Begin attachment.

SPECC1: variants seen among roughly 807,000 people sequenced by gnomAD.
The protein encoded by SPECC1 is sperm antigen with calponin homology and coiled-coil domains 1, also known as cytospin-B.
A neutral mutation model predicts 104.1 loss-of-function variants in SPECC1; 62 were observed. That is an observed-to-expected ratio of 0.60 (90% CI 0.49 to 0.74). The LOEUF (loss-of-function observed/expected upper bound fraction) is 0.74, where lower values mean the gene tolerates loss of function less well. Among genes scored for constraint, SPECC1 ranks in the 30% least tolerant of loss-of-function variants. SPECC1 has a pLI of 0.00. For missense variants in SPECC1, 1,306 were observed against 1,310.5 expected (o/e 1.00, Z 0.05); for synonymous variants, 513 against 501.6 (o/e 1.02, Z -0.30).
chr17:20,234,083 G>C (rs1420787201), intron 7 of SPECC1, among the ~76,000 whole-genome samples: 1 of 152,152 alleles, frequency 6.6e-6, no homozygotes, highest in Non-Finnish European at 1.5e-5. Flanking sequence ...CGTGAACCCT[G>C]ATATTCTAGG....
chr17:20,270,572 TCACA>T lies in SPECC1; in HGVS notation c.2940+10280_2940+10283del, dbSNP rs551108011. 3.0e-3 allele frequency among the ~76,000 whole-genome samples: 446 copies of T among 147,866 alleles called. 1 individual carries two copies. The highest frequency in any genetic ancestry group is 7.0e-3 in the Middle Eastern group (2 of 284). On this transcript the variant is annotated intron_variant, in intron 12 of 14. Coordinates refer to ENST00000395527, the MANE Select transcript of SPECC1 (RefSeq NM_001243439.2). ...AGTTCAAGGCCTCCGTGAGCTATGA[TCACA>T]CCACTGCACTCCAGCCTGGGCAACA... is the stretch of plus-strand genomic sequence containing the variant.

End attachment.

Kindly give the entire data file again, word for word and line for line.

SPECC1: variants seen among roughly 807,000 people sequenced by gnomAD.
The protein encoded by SPECC1 is sperm antigen with calponin homology and coiled-coil domains 1, also known as cytospin-B.
A neutral mutation model predicts 104.1 loss-of-function variants in SPECC1; 62 were observed. That is an observed-to-expected ratio of 0.60 (90% CI 0.49 to 0.74). The LOEUF (loss-of-function observed/expected upper bound fraction) is 0.74, where lower values mean the gene tolerates loss of function less well. Among genes scored for constraint, SPECC1 ranks in the 30% least tolerant of loss-of-function variants. SPECC1 has a pLI of 0.00. For missense variants in SPECC1, 1,306 were observed against 1,310.5 expected (o/e 1.00, Z 0.05); for synonymous variants, 513 against 501.6 (o/e 1.02, Z -0.30).
chr17:20,234,083 G>C (rs1420787201), intron 7 of SPECC1, among the ~76,000 whole-genome samples: 1 of 152,152 alleles, frequency 6.6e-6, no homozygotes, highest in Non-Finnish European at 1.5e-5. Flanking sequence ...CGTGAACCCT[G>C]ATATTCTAGG....
chr17:20,270,572 TCACA>T lies in SPECC1; in HGVS notation c.2940+10280_2940+10283del, dbSNP rs551108011. 3.0e-3 allele frequency among the ~76,000 whole-genome samples: 446 copies of T among 147,866 alleles called. 1 individual carries two copies. The highest frequency in any genetic ancestry group is 7.0e-3 in the Middle Eastern group (2 of 284). On this transcript the variant is annotated intron_variant, in intron 12 of 14. Coordinates refer to ENST00000395527, the MANE Select transcript of SPECC1 (RefSeq NM_001243439.2). ...AGTTCAAGGCCTCCGTGAGCTATGA[TCACA>T]CCACTGCACTCCAGCCTGGGCAACA... is the stretch of plus-strand genomic sequence containing the variant.